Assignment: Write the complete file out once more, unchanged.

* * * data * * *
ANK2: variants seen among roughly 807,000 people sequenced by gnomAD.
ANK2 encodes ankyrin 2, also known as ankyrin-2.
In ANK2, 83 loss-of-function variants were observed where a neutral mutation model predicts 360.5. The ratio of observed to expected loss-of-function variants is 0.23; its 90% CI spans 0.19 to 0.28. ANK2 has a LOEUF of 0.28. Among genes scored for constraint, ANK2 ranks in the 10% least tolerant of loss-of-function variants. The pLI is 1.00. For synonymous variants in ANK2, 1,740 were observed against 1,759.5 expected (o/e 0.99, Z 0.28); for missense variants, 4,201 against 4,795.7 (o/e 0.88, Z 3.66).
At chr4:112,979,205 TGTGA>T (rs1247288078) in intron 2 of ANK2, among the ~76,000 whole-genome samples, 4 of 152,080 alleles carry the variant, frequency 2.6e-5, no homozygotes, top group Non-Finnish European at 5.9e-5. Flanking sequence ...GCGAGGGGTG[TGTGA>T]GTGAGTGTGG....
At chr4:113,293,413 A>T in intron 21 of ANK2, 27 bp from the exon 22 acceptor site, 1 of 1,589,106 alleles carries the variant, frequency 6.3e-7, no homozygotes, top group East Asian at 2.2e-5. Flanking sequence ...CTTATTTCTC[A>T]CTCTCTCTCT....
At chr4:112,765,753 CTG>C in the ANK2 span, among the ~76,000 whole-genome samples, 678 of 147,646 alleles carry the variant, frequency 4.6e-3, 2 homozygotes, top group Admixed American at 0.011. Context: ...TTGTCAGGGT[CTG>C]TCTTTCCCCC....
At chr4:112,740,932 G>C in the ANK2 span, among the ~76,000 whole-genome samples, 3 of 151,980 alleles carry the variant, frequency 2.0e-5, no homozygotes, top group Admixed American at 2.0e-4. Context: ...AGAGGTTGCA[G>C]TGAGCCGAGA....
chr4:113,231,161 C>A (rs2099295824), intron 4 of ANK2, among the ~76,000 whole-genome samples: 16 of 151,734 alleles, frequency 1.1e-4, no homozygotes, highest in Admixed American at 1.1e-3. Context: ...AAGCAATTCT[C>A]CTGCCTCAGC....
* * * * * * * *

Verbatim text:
ANK2: variants seen among roughly 807,000 people sequenced by gnomAD.
ANK2 encodes ankyrin 2, also known as ankyrin-2.
In ANK2, 83 loss-of-function variants were observed where a neutral mutation model predicts 360.5. The ratio of observed to expected loss-of-function variants is 0.23; its 90% CI spans 0.19 to 0.28. ANK2 has a LOEUF of 0.28. Among genes scored for constraint, ANK2 ranks in the 10% least tolerant of loss-of-function variants. The pLI is 1.00. For synonymous variants in ANK2, 1,740 were observed against 1,759.5 expected (o/e 0.99, Z 0.28); for missense variants, 4,201 against 4,795.7 (o/e 0.88, Z 3.66).
At chr4:112,979,205 TGTGA>T (rs1247288078) in intron 2 of ANK2, among the ~76,000 whole-genome samples, 4 of 152,080 alleles carry the variant, frequency 2.6e-5, no homozygotes, top group Non-Finnish European at 5.9e-5. Flanking sequence ...GCGAGGGGTG[TGTGA>T]GTGAGTGTGG....
At chr4:113,293,413 A>T in intron 21 of ANK2, 27 bp from the exon 22 acceptor site, 1 of 1,589,106 alleles carries the variant, frequency 6.3e-7, no homozygotes, top group East Asian at 2.2e-5. Flanking sequence ...CTTATTTCTC[A>T]CTCTCTCTCT....
At chr4:112,765,753 CTG>C in the ANK2 span, among the ~76,000 whole-genome samples, 678 of 147,646 alleles carry the variant, frequency 4.6e-3, 2 homozygotes, top group Admixed American at 0.011. Context: ...TTGTCAGGGT[CTG>C]TCTTTCCCCC....
At chr4:112,740,932 G>C in the ANK2 span, among the ~76,000 whole-genome samples, 3 of 151,980 alleles carry the variant, frequency 2.0e-5, no homozygotes, top group Admixed American at 2.0e-4. Context: ...AGAGGTTGCA[G>C]TGAGCCGAGA....
chr4:113,231,161 C>A (rs2099295824), intron 4 of ANK2, among the ~76,000 whole-genome samples: 16 of 151,734 alleles, frequency 1.1e-4, no homozygotes, highest in Admixed American at 1.1e-3. Context: ...AAGCAATTCT[C>A]CTGCCTCAGC....